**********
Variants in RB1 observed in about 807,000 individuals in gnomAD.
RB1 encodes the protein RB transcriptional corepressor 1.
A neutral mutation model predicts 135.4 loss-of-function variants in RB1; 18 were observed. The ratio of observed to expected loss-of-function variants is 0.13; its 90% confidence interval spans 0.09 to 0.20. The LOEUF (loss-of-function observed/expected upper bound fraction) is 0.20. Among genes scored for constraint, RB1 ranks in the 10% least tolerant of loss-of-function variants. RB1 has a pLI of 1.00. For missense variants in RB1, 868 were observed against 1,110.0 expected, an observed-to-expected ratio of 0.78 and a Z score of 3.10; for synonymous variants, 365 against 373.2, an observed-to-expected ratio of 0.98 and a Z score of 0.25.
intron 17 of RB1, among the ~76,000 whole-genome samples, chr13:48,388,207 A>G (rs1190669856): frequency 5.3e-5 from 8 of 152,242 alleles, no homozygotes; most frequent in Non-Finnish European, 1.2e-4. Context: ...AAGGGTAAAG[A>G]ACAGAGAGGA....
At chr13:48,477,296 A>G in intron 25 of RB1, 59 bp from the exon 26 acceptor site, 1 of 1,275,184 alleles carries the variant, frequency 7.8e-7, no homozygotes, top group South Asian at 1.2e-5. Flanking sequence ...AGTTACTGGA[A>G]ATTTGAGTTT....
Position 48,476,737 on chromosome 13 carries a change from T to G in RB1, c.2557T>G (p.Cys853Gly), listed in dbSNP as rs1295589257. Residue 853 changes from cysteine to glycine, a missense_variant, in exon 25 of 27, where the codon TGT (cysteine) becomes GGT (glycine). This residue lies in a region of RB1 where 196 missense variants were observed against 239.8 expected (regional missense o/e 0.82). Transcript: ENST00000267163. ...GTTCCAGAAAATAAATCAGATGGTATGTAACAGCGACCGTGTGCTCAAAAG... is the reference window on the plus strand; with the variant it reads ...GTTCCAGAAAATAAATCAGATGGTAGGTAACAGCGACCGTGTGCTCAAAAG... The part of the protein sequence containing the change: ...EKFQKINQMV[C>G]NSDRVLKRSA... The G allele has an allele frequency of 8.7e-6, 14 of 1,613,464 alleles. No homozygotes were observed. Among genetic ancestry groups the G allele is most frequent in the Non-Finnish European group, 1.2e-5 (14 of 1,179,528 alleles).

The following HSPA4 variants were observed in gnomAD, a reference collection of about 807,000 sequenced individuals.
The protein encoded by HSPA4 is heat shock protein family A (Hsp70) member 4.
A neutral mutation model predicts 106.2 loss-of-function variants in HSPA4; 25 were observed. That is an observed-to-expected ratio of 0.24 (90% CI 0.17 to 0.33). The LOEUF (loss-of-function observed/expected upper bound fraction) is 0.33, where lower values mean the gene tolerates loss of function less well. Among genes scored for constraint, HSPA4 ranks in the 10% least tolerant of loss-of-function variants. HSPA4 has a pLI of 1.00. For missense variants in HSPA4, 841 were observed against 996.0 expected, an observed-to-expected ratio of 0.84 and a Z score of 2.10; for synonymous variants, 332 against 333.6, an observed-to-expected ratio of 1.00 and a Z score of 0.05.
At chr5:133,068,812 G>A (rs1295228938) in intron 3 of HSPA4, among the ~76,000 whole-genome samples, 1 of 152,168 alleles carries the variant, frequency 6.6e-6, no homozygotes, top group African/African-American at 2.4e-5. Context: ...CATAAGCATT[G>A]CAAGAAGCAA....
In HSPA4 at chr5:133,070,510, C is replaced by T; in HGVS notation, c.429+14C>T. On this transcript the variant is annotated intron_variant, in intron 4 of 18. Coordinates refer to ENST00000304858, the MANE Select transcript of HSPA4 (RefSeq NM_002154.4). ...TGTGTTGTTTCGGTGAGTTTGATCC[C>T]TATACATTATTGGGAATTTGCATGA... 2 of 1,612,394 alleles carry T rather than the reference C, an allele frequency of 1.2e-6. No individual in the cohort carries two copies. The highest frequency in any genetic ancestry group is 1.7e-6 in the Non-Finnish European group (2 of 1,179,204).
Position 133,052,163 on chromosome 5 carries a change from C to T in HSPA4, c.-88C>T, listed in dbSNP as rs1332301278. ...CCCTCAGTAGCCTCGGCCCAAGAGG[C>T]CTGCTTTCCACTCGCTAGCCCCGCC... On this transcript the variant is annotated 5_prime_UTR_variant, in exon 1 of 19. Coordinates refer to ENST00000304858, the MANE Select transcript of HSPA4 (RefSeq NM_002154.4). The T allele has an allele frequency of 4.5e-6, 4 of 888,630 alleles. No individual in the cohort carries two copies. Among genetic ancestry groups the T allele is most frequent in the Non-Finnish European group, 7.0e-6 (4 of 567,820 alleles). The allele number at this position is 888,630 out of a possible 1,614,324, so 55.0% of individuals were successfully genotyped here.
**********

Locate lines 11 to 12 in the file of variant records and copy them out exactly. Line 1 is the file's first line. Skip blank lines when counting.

In HSPA4 at chr5:133,070,510, C is replaced by T; in HGVS notation, c.429+14C>T. On this transcript the variant is annotated intron_variant, in intron 4 of 18. Coordinates refer to ENST00000304858, the MANE Select transcript of HSPA4 (RefSeq NM_002154.4). ...TGTGTTGTTTCGGTGAGTTTGATCC[C>T]TATACATTATTGGGAATTTGCATGA... 2 of 1,612,394 alleles carry T rather than the reference C, an allele frequency of 1.2e-6. No individual in the cohort carries two copies. The highest frequency in any genetic ancestry group is 1.7e-6 in the Non-Finnish European group (2 of 1,179,204).
Position 133,052,163 on chromosome 5 carries a change from C to T in HSPA4, c.-88C>T, listed in dbSNP as rs1332301278. ...CCCTCAGTAGCCTCGGCCCAAGAGG[C>T]CTGCTTTCCACTCGCTAGCCCCGCC... On this transcript the variant is annotated 5_prime_UTR_variant, in exon 1 of 19. Coordinates refer to ENST00000304858, the MANE Select transcript of HSPA4 (RefSeq NM_002154.4). The T allele has an allele frequency of 4.5e-6, 4 of 888,630 alleles. No individual in the cohort carries two copies. Among genetic ancestry groups the T allele is most frequent in the Non-Finnish European group, 7.0e-6 (4 of 567,820 alleles). The allele number at this position is 888,630 out of a possible 1,614,324, so 55.0% of individuals were successfully genotyped here.